While a thousand uncertainties still confront the commercial real estate market, there may be reasons for hope.
The employment picture remains the big question. The Economic Development Department reports San Diego has lost 113,700 jobs since December 2007.
Without a strong recovery, it could take a long time to refill spaces vacated during the recession.
Whether the space being considered is office, industrial or retail, different brokerages and research firms disagree as to how much net absorption occurred in any given quarter. All seem to agree, however, there are plenty of empties.
In the office market, while there was plenty of gross leasing activity, much of this leasing tended to be tenants moving from one building to another. Nokia for example, which had about 200,000 square feet in the Scripps Northridge campus overlooking Scripps Ranch, went into a similarly sized space this fall at the Summit in Rancho Bernardo.
CoStar, which many of the brokerages use, pegged the Interstate 15 Corridor's Class A vacancy at 17.1 percent with 774,669 square feet available at the end of the third quarter. The Class B space was 18.5 percent in the third quarter. That translated into more than 1.2 million square feet of vacant space. If 286,000 square feet of Class C space is added to the mix, it totals about 2.25 million square feet of empty space.
Cassidy Turley BRE Commercial found that Carlsbad had a 31.4 percent availability rate out of a 4.03 million-square-foot submarket in the third quarter. Given such vacancy, it appears concessions will be common for many months, if not years to come.
Although some reports say there is as much as 1.8 million square feet of vacant office space available in downtown San Diego, CB Richard Ellis put the total at about 1.57 million. Either way, it could be several years before a new speculative office building is justified downtown.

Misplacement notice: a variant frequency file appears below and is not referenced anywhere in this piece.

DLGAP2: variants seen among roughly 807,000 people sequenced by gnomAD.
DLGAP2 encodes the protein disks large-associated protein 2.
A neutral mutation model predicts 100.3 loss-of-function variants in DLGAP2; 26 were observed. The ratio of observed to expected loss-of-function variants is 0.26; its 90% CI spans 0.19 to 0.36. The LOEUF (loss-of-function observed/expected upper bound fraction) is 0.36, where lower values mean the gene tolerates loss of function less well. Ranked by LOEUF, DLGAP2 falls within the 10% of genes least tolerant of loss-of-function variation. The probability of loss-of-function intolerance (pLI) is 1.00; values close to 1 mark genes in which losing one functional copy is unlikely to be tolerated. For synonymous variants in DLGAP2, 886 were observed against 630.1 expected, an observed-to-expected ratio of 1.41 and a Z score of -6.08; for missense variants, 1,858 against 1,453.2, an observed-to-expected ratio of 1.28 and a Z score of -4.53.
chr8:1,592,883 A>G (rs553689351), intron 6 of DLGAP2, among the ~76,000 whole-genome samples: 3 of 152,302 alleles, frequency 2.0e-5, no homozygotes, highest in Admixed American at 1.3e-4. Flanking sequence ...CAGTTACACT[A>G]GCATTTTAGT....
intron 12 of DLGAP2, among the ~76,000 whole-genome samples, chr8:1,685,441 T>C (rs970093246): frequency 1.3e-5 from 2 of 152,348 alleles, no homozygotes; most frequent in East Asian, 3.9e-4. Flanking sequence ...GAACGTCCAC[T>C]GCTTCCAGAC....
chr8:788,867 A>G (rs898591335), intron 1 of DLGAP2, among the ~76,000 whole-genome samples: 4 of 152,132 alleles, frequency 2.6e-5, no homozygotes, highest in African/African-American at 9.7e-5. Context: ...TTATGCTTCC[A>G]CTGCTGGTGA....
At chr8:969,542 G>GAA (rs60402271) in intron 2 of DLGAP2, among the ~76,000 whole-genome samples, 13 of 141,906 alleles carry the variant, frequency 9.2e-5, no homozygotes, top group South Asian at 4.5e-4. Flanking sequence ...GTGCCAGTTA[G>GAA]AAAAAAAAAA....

Industrial vacancies comfortably in the single digits three years ago have crept into the low double-digit levels. While most submarkets are still relatively strong, others, such as Otay Mesa, where roughly 3.5 million square feet of space is still unspoken for, are still going begging.
The retail sector, meanwhile, faces countywide average retail vacancy of 6 percent to 8 percent -- virtually double the rate three years ago.
Hotels as an asset class fare even worse. Some, such as the W in downtown San Diego, have been given back to their lenders. Others such as the Holiday Inn on First Avenue are going through foreclosure, while others such as the Park Hyatt (former Four Seasons) Aviara are more than 90 days delinquent on their loans.
Hotel industry watchers aren't totally bleak in their assessments, however. The precipitous drop in RevPAR (revenue per available room) seems to have stabilized, and occupancies have been improving of late.
There seems to be universal agreement that apartments are the most favored asset class in San Diego County. Rents have only dipped slightly in three years here and the vacancies have been consistently at or less than 5 percent for most of the past several years.